-Are there really limits to what planning can do?

States' and Territories responses to 23 land use planning 'challenges'

There are, but in Victoria those limits appear to be very elastic.

Because it controls the use of land, the whole complex edifice of planning regulation touches to a greater or lesser extent a lot of the things we do.

In a newly released report commissioned by COAG, the Productivity Commission gives us an insight into how the nation’s planning agencies think the land use control system influences our lives.

The report, Performance Benchmarking of Australian Business Regulation: Planning, Zoning and Development Assessments, examines the regulatory frameworks of each jurisdiction, the processes for supply of land, the bases for assessing developer contributions, compliance costs for business, and competition issues arising from planning decision-making.

As part of its investigations, the Commission asked each State and Territory to answer this question: “To what extent can government use the planning, zoning and DA system to positively influence the following challenges”?

The answers each jurisdiction provided to 23 “challenges”, graded from “no effect” through to “major effect”, are shown in the accompanying chart (copied from the report). The survey was completed between October and November 2010, prior to the Victorian State election.

Bear in mind that the survey relates specifically to the powers of land use planning agencies i.e. not transport or other agencies. Also, the planners were specifically asked about the scope to positively influence each of the challenges. There are some interesting claims here and some equally interesting comparisons between States and Territories.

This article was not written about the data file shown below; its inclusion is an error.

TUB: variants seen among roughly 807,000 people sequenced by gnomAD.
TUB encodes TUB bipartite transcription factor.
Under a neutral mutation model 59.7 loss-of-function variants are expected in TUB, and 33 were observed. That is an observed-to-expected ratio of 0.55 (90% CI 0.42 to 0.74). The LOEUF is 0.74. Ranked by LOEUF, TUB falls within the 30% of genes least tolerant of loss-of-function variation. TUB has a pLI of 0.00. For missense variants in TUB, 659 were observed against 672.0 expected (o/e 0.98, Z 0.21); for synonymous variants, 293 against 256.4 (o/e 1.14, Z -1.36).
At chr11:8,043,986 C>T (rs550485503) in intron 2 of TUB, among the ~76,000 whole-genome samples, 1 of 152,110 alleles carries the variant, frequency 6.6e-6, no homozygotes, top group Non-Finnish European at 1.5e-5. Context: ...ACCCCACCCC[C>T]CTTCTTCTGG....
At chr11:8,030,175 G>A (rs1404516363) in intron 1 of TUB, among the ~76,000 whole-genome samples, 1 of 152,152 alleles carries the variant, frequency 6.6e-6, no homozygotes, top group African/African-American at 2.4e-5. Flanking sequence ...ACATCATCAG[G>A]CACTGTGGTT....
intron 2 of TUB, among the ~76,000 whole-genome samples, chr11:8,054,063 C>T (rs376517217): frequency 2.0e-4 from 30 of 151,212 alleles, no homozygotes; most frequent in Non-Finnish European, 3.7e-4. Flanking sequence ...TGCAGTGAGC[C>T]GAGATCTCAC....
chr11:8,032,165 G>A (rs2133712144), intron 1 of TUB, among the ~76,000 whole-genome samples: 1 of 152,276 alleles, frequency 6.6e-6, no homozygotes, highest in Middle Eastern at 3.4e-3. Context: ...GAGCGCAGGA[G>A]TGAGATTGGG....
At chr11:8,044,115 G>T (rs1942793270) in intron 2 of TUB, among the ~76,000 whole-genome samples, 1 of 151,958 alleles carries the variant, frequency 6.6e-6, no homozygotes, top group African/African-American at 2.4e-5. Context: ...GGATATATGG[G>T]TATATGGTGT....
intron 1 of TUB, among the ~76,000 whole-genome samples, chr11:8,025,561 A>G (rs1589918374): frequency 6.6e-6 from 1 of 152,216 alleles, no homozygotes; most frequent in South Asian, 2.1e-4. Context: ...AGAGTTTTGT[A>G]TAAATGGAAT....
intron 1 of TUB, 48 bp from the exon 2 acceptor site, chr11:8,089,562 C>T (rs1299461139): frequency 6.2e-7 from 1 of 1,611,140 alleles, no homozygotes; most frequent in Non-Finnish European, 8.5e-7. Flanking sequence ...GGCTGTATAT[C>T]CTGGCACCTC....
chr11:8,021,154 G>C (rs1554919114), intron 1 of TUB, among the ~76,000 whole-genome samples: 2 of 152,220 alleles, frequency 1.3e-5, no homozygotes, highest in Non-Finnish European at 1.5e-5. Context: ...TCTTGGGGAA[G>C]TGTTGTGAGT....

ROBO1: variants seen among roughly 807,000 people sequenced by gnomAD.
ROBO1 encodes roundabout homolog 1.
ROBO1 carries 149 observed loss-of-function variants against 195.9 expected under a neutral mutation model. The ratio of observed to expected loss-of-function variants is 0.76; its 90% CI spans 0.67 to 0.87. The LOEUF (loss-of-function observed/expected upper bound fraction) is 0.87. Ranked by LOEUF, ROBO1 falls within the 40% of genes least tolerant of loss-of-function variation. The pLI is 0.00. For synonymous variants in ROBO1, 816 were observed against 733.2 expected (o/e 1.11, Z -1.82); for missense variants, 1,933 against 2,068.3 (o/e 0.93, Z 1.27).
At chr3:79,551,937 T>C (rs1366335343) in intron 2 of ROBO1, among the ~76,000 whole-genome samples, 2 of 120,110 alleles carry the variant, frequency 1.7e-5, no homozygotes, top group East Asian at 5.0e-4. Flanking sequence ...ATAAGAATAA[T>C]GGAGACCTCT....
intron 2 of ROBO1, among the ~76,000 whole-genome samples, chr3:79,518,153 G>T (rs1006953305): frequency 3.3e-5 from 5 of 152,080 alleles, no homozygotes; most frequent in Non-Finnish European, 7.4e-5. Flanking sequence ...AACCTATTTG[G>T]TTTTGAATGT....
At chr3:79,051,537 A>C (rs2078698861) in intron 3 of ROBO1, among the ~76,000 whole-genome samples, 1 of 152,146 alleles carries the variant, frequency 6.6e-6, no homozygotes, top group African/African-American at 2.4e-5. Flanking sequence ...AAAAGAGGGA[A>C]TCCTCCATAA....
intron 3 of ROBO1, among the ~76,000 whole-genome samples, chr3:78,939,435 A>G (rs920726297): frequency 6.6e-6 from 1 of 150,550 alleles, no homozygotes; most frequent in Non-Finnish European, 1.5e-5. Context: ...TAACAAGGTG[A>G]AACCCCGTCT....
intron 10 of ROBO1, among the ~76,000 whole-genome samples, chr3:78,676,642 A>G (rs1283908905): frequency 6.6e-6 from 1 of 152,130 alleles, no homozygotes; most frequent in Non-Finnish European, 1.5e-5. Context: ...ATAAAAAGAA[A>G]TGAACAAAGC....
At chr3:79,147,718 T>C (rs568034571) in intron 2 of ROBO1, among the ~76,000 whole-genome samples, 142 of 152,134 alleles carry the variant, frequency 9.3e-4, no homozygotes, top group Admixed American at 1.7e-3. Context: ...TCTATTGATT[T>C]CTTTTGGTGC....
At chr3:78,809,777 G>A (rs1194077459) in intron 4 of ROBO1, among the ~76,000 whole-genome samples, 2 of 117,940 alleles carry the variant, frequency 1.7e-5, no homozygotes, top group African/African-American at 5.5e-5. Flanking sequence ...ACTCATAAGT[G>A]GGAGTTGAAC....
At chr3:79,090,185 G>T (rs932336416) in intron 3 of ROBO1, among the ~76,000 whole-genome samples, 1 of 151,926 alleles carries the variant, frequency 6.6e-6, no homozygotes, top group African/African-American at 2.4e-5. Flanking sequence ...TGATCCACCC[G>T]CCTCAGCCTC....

There’s a consensus that, given (presumably) the right policies, land use planning can have a major positive influence on managing greenfield development, accommodating population growth, managing the transition to higher population densities, providing diverse/appropriate housing, and protecting biodiversity.

By and large I’d agree with that. My only caveat would be the understanding that some of the benefits will come from reducing rather than increasing the degree of planning intervention. A prime example is the many restrictions on constructing higher density housing within established urban areas.

Where the survey gets really interesting is outside these five key areas. Victoria in particular stands out from its peers.

For example, whereas WA’s planners are conservative – they say they can only have a major effect on four of the 23 challenges – the Victorians, who evidently have greater faith in the universal influence of land use regulation, reckon planning can have a major positive effect on eleven. That’s a big call because no other jurisdiction nominates more than seven.

Or consider that SA’s planners say planning would only have a minor effect on eleven of the challenges and nil effect on one. The Victorians, however, don’t concede there’s even a single challenge where they’d have nil effect. Moreover, they identify only one – attracting skilled labour – where planning would merely have a minor effect (has the Richard Florida romance finally starting to fade?).

In contrast, NSW reckons the planning system would have a minor effect on five of the challenges. WA nominates four and Qld six.

Victoria is also the only jurisdiction that believes planning could have a major effect on promoting healthy lifestyles, reducing socioeconomic disparities and improving mobility within the city. What next – can planning lower interest rates in Victoria?

It’s not that planning doesn’t have some effect on these issues, it’s just that the impact of the tools plausibly available to planners is too limited to have a major effect, as I’ve discussed in various contexts before (see here, here, here, here, here, here, here and here). These are not fundamentally issues of land use regulation.

The most outlandish claim however comes from the ACT, which is the only jurisdiction that reckons planning can have a major effect on reducing traffic congestion. Since neither public transport nor freeways reduce congestion, I’d like to know what land use magic the ACT planners have in mind.